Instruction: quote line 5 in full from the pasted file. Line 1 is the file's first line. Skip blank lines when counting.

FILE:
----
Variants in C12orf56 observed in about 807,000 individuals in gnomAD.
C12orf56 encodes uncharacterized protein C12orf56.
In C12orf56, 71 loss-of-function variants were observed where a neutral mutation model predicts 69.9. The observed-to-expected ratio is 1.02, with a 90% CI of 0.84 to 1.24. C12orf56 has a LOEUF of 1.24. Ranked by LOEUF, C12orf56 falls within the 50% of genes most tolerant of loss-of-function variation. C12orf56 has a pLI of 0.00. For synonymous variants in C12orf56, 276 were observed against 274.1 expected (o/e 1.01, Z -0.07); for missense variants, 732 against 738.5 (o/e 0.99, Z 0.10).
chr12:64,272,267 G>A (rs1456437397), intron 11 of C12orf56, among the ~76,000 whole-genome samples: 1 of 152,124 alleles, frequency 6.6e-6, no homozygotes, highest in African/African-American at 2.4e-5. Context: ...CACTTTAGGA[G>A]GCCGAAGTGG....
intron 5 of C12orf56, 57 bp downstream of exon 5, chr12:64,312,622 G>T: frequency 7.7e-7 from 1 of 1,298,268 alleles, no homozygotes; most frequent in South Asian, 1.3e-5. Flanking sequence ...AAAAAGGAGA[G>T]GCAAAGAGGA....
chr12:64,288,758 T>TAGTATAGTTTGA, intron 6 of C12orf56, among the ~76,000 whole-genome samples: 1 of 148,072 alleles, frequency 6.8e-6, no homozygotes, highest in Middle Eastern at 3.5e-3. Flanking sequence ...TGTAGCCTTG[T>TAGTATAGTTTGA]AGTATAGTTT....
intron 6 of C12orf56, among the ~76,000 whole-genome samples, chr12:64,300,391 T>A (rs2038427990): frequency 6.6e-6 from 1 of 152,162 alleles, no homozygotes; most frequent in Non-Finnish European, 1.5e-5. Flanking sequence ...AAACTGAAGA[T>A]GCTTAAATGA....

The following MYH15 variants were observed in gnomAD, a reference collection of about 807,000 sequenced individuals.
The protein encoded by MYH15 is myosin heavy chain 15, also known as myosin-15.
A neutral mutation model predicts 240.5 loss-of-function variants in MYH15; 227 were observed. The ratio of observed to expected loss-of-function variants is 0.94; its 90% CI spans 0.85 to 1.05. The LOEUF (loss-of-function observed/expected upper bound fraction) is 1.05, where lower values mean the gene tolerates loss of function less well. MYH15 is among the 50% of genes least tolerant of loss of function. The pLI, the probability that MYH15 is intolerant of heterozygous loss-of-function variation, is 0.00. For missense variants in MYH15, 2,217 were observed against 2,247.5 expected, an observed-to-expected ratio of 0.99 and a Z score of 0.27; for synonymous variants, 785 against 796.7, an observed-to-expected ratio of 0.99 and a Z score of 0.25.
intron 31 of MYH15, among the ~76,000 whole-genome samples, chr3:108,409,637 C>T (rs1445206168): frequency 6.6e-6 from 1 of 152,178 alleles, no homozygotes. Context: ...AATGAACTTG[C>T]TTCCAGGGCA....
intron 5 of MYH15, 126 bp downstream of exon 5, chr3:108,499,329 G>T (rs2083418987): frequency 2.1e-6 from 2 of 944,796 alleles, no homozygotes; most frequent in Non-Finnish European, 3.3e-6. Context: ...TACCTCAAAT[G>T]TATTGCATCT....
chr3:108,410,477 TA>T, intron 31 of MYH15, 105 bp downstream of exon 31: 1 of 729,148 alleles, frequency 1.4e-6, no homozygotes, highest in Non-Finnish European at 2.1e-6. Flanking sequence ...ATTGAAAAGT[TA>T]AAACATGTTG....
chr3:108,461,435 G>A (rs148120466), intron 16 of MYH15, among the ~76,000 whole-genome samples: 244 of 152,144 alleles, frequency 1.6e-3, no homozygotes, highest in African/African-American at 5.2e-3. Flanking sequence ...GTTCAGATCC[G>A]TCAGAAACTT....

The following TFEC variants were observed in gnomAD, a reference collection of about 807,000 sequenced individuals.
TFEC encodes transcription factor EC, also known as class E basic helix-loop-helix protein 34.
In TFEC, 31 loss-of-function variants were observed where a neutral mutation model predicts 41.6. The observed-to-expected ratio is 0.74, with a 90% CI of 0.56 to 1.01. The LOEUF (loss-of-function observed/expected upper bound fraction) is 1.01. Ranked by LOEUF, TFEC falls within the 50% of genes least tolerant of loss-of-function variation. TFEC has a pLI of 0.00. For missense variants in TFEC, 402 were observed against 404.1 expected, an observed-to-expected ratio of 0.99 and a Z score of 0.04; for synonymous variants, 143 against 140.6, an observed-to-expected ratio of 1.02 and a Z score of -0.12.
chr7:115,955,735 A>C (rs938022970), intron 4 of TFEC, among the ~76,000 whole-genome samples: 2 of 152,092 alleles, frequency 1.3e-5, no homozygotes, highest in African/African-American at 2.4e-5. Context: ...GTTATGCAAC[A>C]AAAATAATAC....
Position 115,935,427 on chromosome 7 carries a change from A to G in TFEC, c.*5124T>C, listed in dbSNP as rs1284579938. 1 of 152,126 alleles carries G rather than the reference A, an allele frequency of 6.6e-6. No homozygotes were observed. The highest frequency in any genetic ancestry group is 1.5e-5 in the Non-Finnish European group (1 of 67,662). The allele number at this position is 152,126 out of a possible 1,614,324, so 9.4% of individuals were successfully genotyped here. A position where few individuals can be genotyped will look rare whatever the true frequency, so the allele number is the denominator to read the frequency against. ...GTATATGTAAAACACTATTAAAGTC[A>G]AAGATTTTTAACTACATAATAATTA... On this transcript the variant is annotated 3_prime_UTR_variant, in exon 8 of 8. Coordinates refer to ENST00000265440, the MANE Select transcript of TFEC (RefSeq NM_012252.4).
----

intron 5 of C12orf56, 57 bp downstream of exon 5, chr12:64,312,622 G>T: frequency 7.7e-7 from 1 of 1,298,268 alleles, no homozygotes; most frequent in South Asian, 1.3e-5. Flanking sequence ...AAAAAGGAGA[G>T]GCAAAGAGGA....